Heilongjiang in China eyes hemp as cotton substitute
today Aug 14, 2017
China’s Heilongjiang province has intensified its research and development efforts to make fine, environment- friendly hemp fibres a large-scale alternative to cotton and will review its hemp production value chain to produce hemp on an industrial scale. The total area under hemp cultivation in this province may reach 150,000 acres by early 2018.
The area under hemp cultivation in the Heilongjiang province has grown from below 2,500 acres to more than 74,000 acres within a few years, a level on par with the overall hemp cultivation area in Canada or Europe, according to a report by Germany-based private institute nova-Institut GmbH. China is the second largest hemp planting country in the world.
The province, where experts work on hemp foods and pharmaceuticals, hosted an international hemp conference in the first week of August in Harbin with the theme ‘Developing global hemp industry — innovation, cooperation, green, win-win’.
Participants from Europe, Canada and Australia attended the conference to establish global networks and exchange technologies, products and marketing strategies.
Scientists at the conference highlighted the benefits of hemp fibres: a complex three-dimensional structure, very good moisture absorption characteristics, anti-bacterial properties, sound UV protection and allowing textiles to dry fast.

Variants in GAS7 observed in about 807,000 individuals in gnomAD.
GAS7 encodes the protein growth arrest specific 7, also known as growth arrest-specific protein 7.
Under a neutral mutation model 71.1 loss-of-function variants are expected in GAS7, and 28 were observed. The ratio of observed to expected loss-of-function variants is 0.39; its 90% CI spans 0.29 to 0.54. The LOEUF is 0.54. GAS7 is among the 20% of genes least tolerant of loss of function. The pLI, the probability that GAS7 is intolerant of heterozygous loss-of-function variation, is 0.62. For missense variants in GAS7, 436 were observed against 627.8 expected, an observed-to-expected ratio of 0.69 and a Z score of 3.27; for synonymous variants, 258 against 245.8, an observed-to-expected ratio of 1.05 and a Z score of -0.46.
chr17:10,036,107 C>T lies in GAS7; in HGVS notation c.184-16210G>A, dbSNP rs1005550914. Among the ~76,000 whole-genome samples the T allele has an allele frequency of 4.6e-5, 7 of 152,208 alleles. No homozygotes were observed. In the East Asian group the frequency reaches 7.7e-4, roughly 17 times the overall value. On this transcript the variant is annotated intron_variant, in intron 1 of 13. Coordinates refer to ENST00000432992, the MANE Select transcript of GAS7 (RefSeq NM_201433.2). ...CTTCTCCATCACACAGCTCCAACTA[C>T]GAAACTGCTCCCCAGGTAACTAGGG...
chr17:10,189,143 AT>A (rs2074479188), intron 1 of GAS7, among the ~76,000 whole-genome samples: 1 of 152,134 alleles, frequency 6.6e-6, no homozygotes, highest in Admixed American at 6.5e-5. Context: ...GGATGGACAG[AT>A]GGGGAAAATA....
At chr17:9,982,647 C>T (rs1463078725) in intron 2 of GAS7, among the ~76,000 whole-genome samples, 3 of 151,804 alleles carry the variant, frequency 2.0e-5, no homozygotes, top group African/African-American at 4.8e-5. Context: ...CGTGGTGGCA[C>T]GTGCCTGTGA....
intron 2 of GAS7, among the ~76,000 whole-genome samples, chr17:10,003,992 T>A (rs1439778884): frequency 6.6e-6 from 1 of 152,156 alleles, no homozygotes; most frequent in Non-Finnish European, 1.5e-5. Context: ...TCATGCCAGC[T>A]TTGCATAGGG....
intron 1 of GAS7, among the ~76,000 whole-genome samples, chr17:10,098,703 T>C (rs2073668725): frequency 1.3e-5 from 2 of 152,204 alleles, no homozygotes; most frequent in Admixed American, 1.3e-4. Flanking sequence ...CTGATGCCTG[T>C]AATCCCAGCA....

Cotton needs a lot of water, soil salinity and the use of pesticides, all of which cause environmental problems and Chinese cotton is not very competitive, either qualitatively or price-wise, according to the nova-Institut.
Universities from the Chinese province and partners from Ukraine and Canada have developed new, high-yield hemp varieties using enzymes through a technique called ‘enzymatic cottonisation’ of hemp fibres. The fibres may then be processed alone or together with other fibres by cotton machines.
The Chinese army buys hemp uniforms and socks for its soldiers. Hemp fibres are now also used in the country in compound materials for door and pillar panels, dashboards and parcel shelves, the nova-Institut report added.
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